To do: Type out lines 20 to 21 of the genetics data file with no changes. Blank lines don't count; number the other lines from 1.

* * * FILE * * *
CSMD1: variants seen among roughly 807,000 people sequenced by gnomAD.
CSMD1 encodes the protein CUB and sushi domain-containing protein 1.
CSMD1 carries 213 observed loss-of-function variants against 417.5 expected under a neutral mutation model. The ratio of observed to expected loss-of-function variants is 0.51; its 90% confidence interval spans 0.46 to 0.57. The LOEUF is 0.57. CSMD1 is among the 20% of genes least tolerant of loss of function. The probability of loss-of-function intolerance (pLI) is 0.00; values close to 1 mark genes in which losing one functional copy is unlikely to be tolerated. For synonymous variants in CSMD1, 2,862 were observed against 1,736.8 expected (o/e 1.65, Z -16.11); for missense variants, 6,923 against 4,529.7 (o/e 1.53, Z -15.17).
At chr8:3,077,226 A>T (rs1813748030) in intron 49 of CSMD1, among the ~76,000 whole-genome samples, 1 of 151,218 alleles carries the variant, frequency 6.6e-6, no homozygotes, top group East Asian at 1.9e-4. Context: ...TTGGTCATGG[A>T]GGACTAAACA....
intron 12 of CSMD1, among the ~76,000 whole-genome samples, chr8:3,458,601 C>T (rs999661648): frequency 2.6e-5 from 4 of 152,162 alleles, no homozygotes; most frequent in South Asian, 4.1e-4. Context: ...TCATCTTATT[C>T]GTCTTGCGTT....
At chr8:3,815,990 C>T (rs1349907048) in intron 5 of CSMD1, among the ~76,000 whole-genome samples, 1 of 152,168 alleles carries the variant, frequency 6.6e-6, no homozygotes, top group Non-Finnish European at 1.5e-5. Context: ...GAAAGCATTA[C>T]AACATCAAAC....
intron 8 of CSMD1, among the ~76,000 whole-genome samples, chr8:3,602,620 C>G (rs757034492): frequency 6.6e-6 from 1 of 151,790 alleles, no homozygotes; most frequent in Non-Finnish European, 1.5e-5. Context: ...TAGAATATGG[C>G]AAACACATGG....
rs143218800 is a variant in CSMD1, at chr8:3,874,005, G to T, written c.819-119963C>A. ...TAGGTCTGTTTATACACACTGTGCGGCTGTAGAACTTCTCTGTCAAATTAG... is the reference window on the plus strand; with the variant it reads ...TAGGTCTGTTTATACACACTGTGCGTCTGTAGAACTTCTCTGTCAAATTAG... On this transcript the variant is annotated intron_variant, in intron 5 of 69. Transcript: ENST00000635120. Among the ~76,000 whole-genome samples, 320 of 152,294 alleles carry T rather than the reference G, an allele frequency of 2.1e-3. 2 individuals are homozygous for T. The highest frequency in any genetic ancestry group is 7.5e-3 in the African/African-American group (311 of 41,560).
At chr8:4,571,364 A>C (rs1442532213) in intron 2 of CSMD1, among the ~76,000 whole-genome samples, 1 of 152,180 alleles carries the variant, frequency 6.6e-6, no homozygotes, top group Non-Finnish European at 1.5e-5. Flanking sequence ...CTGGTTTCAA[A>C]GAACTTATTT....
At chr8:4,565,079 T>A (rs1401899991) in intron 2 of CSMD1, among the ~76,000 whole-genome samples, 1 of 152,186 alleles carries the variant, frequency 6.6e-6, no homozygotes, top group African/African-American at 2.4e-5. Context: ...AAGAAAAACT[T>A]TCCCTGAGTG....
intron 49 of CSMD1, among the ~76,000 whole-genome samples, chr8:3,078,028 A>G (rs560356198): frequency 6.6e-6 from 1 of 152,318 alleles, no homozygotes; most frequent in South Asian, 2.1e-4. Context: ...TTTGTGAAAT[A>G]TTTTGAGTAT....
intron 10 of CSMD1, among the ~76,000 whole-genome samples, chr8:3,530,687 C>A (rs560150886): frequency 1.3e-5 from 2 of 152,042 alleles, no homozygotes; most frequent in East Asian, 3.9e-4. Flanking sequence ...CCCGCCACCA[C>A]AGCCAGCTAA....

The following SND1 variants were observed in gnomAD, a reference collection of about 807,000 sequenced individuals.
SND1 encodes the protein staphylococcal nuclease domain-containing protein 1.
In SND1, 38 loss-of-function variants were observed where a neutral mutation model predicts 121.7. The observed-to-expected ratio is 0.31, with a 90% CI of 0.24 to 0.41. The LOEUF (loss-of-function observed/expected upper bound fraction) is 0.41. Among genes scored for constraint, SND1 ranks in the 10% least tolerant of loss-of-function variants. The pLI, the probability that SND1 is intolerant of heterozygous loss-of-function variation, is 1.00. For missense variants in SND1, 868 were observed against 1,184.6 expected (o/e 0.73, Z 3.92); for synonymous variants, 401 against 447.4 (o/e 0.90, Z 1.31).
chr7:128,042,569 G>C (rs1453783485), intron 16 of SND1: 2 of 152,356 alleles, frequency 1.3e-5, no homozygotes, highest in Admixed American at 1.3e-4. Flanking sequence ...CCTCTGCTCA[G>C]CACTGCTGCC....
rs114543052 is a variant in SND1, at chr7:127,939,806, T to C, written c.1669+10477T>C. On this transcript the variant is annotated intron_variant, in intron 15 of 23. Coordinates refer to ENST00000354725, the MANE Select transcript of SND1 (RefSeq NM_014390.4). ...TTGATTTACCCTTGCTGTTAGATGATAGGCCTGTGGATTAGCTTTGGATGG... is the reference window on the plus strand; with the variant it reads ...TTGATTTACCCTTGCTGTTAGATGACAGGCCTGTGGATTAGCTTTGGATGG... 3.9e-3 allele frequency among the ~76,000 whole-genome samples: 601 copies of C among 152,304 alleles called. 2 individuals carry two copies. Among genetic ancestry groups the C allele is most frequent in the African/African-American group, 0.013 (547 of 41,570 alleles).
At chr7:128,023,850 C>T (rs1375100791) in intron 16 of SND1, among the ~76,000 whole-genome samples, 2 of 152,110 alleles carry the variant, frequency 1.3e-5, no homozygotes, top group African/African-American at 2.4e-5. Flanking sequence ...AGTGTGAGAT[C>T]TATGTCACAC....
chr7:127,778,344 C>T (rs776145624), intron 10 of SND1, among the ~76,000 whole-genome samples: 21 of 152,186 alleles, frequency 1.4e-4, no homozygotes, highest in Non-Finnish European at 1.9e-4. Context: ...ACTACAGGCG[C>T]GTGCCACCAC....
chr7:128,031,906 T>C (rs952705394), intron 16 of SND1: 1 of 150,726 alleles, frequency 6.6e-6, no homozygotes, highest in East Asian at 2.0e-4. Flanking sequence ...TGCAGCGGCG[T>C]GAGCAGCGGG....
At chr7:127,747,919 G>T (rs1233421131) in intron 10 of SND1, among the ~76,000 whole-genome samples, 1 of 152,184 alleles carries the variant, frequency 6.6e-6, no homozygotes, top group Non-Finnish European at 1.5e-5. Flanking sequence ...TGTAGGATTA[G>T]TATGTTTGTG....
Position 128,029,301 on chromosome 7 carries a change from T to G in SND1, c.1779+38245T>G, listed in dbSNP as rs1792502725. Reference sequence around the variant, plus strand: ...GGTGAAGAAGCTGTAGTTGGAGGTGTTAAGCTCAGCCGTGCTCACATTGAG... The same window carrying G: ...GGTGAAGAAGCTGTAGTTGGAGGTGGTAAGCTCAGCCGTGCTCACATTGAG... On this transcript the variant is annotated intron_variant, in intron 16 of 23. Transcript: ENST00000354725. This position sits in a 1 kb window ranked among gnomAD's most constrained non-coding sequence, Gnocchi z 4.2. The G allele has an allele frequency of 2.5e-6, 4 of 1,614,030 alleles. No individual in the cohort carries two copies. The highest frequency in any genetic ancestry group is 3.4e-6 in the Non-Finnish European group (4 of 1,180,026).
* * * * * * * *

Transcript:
chr7:128,031,906 T>C (rs952705394), intron 16 of SND1: 1 of 150,726 alleles, frequency 6.6e-6, no homozygotes, highest in East Asian at 2.0e-4. Flanking sequence ...TGCAGCGGCG[T>C]GAGCAGCGGG....
At chr7:127,747,919 G>T (rs1233421131) in intron 10 of SND1, among the ~76,000 whole-genome samples, 1 of 152,184 alleles carries the variant, frequency 6.6e-6, no homozygotes, top group Non-Finnish European at 1.5e-5. Flanking sequence ...TGTAGGATTA[G>T]TATGTTTGTG....